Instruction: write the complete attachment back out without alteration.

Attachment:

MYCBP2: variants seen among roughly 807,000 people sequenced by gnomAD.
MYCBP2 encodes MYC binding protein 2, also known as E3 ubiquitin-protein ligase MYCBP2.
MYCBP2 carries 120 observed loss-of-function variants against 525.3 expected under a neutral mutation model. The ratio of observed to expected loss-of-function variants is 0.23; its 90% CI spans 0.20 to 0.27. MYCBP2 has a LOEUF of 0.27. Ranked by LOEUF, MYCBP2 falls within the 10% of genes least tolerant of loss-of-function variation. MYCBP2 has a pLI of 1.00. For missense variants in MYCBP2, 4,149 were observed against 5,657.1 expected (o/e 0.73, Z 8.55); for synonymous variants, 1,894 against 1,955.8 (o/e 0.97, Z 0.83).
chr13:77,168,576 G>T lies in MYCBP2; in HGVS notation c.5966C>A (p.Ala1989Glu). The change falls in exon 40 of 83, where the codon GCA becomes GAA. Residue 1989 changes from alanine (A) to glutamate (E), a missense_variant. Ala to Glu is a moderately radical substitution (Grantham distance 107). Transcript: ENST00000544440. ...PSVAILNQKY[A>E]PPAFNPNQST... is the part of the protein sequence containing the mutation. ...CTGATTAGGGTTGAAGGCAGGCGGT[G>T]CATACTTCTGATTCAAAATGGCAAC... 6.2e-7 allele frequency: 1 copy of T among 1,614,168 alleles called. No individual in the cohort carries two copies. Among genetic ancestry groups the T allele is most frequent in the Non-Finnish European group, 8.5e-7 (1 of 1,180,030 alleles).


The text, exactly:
MYCBP2: variants seen among roughly 807,000 people sequenced by gnomAD.
MYCBP2 encodes MYC binding protein 2, also known as E3 ubiquitin-protein ligase MYCBP2.
MYCBP2 carries 120 observed loss-of-function variants against 525.3 expected under a neutral mutation model. The ratio of observed to expected loss-of-function variants is 0.23; its 90% CI spans 0.20 to 0.27. MYCBP2 has a LOEUF of 0.27. Ranked by LOEUF, MYCBP2 falls within the 10% of genes least tolerant of loss-of-function variation. MYCBP2 has a pLI of 1.00. For missense variants in MYCBP2, 4,149 were observed against 5,657.1 expected (o/e 0.73, Z 8.55); for synonymous variants, 1,894 against 1,955.8 (o/e 0.97, Z 0.83).
chr13:77,168,576 G>T lies in MYCBP2; in HGVS notation c.5966C>A (p.Ala1989Glu). The change falls in exon 40 of 83, where the codon GCA becomes GAA. Residue 1989 changes from alanine (A) to glutamate (E), a missense_variant. Ala to Glu is a moderately radical substitution (Grantham distance 107). Transcript: ENST00000544440. ...PSVAILNQKY[A>E]PPAFNPNQST... is the part of the protein sequence containing the mutation. ...CTGATTAGGGTTGAAGGCAGGCGGT[G>T]CATACTTCTGATTCAAAATGGCAAC... 6.2e-7 allele frequency: 1 copy of T among 1,614,168 alleles called. No individual in the cohort carries two copies. Among genetic ancestry groups the T allele is most frequent in the Non-Finnish European group, 8.5e-7 (1 of 1,180,030 alleles).